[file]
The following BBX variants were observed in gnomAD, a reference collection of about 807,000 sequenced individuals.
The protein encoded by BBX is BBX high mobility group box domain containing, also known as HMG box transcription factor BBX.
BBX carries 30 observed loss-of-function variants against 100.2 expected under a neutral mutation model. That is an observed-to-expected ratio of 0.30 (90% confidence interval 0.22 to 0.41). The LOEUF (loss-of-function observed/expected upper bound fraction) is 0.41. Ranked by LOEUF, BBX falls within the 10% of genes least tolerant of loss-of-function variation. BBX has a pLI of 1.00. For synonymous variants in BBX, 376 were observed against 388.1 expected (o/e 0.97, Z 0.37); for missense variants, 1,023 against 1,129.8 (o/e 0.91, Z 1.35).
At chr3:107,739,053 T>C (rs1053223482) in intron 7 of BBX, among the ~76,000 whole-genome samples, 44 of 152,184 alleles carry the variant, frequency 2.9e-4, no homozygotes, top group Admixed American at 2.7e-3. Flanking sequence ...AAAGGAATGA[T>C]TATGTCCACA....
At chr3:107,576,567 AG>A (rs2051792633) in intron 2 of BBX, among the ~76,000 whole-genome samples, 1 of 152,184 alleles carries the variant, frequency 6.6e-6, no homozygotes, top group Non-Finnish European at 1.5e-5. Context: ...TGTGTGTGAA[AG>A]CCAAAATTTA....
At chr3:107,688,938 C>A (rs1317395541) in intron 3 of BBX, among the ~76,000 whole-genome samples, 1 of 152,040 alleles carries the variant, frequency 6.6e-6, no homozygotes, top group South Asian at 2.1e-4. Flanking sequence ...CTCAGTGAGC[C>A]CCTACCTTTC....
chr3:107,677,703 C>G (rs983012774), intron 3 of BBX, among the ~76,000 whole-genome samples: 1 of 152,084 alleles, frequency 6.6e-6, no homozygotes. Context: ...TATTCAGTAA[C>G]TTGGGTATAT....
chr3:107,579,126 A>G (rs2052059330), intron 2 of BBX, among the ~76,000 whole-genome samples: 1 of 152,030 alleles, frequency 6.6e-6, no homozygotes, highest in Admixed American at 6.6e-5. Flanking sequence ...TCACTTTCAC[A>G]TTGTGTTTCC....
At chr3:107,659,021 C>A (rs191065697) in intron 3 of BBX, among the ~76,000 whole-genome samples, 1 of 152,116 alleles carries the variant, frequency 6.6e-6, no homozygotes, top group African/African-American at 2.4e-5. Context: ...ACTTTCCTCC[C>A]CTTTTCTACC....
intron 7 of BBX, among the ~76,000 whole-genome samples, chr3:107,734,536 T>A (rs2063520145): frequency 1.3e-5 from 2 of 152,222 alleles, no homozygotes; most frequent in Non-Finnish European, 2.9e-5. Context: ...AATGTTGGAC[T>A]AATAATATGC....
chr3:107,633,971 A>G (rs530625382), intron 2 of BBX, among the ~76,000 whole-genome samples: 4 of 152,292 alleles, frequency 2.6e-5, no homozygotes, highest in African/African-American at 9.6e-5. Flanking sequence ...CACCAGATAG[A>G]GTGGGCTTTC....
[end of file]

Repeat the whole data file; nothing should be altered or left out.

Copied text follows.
The following BBX variants were observed in gnomAD, a reference collection of about 807,000 sequenced individuals.
The protein encoded by BBX is BBX high mobility group box domain containing, also known as HMG box transcription factor BBX.
BBX carries 30 observed loss-of-function variants against 100.2 expected under a neutral mutation model. That is an observed-to-expected ratio of 0.30 (90% confidence interval 0.22 to 0.41). The LOEUF (loss-of-function observed/expected upper bound fraction) is 0.41. Ranked by LOEUF, BBX falls within the 10% of genes least tolerant of loss-of-function variation. BBX has a pLI of 1.00. For synonymous variants in BBX, 376 were observed against 388.1 expected (o/e 0.97, Z 0.37); for missense variants, 1,023 against 1,129.8 (o/e 0.91, Z 1.35).
At chr3:107,739,053 T>C (rs1053223482) in intron 7 of BBX, among the ~76,000 whole-genome samples, 44 of 152,184 alleles carry the variant, frequency 2.9e-4, no homozygotes, top group Admixed American at 2.7e-3. Flanking sequence ...AAAGGAATGA[T>C]TATGTCCACA....
At chr3:107,576,567 AG>A (rs2051792633) in intron 2 of BBX, among the ~76,000 whole-genome samples, 1 of 152,184 alleles carries the variant, frequency 6.6e-6, no homozygotes, top group Non-Finnish European at 1.5e-5. Context: ...TGTGTGTGAA[AG>A]CCAAAATTTA....
At chr3:107,688,938 C>A (rs1317395541) in intron 3 of BBX, among the ~76,000 whole-genome samples, 1 of 152,040 alleles carries the variant, frequency 6.6e-6, no homozygotes, top group South Asian at 2.1e-4. Flanking sequence ...CTCAGTGAGC[C>A]CCTACCTTTC....
chr3:107,677,703 C>G (rs983012774), intron 3 of BBX, among the ~76,000 whole-genome samples: 1 of 152,084 alleles, frequency 6.6e-6, no homozygotes. Context: ...TATTCAGTAA[C>G]TTGGGTATAT....
chr3:107,579,126 A>G (rs2052059330), intron 2 of BBX, among the ~76,000 whole-genome samples: 1 of 152,030 alleles, frequency 6.6e-6, no homozygotes, highest in Admixed American at 6.6e-5. Flanking sequence ...TCACTTTCAC[A>G]TTGTGTTTCC....
At chr3:107,659,021 C>A (rs191065697) in intron 3 of BBX, among the ~76,000 whole-genome samples, 1 of 152,116 alleles carries the variant, frequency 6.6e-6, no homozygotes, top group African/African-American at 2.4e-5. Context: ...ACTTTCCTCC[C>A]CTTTTCTACC....
intron 7 of BBX, among the ~76,000 whole-genome samples, chr3:107,734,536 T>A (rs2063520145): frequency 1.3e-5 from 2 of 152,222 alleles, no homozygotes; most frequent in Non-Finnish European, 2.9e-5. Context: ...AATGTTGGAC[T>A]AATAATATGC....
chr3:107,633,971 A>G (rs530625382), intron 2 of BBX, among the ~76,000 whole-genome samples: 4 of 152,292 alleles, frequency 2.6e-5, no homozygotes, highest in African/African-American at 9.6e-5. Flanking sequence ...CACCAGATAG[A>G]GTGGGCTTTC....